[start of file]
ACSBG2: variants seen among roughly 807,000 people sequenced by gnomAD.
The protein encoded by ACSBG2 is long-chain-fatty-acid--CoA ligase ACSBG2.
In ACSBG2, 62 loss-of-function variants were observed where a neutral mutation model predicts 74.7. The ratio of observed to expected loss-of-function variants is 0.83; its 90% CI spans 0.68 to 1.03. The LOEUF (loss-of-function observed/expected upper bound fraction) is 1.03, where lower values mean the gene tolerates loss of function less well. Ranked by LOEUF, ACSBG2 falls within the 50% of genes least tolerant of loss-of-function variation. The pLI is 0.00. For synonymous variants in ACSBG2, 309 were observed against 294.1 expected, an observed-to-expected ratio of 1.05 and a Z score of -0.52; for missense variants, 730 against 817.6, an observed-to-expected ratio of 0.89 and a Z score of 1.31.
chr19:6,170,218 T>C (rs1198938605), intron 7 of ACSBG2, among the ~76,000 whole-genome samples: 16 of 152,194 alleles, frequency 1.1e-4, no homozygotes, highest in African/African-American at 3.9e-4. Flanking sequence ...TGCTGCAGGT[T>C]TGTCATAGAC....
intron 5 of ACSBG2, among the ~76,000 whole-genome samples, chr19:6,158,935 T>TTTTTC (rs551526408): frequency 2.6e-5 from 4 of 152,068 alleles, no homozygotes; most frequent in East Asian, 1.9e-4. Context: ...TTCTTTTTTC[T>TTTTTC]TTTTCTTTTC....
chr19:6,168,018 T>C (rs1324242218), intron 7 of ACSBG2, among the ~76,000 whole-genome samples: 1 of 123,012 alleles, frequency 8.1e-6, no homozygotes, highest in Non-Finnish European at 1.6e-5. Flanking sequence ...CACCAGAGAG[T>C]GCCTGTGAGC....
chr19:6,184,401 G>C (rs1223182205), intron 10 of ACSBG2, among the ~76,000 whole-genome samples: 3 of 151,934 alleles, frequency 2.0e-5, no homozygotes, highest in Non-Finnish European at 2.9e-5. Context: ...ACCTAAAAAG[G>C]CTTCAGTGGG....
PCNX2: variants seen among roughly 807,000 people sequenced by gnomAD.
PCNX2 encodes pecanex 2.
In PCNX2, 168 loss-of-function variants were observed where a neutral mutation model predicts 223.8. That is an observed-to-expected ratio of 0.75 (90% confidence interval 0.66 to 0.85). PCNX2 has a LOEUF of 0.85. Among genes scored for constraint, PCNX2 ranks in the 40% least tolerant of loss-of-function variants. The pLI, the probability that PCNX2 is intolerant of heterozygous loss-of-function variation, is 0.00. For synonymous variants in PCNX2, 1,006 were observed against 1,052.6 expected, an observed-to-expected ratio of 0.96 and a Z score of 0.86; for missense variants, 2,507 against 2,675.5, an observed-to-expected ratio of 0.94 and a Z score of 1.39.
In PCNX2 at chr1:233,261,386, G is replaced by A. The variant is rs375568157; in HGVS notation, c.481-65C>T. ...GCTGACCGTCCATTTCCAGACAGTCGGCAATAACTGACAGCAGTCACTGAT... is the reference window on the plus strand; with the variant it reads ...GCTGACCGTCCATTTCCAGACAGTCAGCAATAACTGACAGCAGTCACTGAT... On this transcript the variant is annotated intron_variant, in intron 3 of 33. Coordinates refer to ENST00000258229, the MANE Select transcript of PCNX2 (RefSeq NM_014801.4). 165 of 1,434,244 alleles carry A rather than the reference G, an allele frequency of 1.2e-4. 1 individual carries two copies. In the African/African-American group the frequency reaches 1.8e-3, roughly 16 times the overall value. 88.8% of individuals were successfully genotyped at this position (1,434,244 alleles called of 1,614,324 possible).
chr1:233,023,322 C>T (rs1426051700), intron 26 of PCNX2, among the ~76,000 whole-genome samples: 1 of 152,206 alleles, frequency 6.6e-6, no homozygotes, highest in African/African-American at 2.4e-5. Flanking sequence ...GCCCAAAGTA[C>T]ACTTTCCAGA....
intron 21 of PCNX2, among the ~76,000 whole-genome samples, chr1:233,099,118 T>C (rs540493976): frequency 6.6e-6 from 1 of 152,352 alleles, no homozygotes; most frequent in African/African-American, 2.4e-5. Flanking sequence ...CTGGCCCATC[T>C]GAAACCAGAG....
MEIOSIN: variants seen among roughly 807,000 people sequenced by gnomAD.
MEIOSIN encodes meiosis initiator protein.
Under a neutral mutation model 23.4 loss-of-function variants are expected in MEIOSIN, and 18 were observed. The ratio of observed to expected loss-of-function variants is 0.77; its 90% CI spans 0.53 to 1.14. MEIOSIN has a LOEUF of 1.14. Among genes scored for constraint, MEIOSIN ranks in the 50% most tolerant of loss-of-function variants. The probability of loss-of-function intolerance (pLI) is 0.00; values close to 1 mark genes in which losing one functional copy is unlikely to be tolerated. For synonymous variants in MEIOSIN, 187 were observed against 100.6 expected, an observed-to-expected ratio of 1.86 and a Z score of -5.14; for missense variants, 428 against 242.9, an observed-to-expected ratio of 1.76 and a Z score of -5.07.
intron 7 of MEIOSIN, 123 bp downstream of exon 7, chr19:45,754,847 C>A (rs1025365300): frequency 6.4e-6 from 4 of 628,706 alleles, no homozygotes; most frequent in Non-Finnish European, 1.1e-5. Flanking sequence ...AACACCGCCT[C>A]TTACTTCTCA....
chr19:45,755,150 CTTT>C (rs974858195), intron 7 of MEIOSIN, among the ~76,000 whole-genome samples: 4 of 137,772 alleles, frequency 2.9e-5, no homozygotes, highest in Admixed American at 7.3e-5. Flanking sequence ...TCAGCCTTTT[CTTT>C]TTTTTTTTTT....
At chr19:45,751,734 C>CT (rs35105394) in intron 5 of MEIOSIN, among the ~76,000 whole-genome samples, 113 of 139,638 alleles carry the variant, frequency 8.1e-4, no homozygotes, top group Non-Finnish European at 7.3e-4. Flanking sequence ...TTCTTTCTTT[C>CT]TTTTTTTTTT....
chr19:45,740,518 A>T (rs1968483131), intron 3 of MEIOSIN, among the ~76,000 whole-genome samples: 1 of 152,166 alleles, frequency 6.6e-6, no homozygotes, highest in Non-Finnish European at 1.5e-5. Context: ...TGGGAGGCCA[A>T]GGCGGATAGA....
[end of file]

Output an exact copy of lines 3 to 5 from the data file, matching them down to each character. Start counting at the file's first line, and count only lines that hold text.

In ACSBG2, 62 loss-of-function variants were observed where a neutral mutation model predicts 74.7. The ratio of observed to expected loss-of-function variants is 0.83; its 90% CI spans 0.68 to 1.03. The LOEUF (loss-of-function observed/expected upper bound fraction) is 1.03, where lower values mean the gene tolerates loss of function less well. Ranked by LOEUF, ACSBG2 falls within the 50% of genes least tolerant of loss-of-function variation. The pLI is 0.00. For synonymous variants in ACSBG2, 309 were observed against 294.1 expected, an observed-to-expected ratio of 1.05 and a Z score of -0.52; for missense variants, 730 against 817.6, an observed-to-expected ratio of 0.89 and a Z score of 1.31.
chr19:6,170,218 T>C (rs1198938605), intron 7 of ACSBG2, among the ~76,000 whole-genome samples: 16 of 152,194 alleles, frequency 1.1e-4, no homozygotes, highest in African/African-American at 3.9e-4. Flanking sequence ...TGCTGCAGGT[T>C]TGTCATAGAC....
intron 5 of ACSBG2, among the ~76,000 whole-genome samples, chr19:6,158,935 T>TTTTTC (rs551526408): frequency 2.6e-5 from 4 of 152,068 alleles, no homozygotes; most frequent in East Asian, 1.9e-4. Context: ...TTCTTTTTTC[T>TTTTTC]TTTTCTTTTC....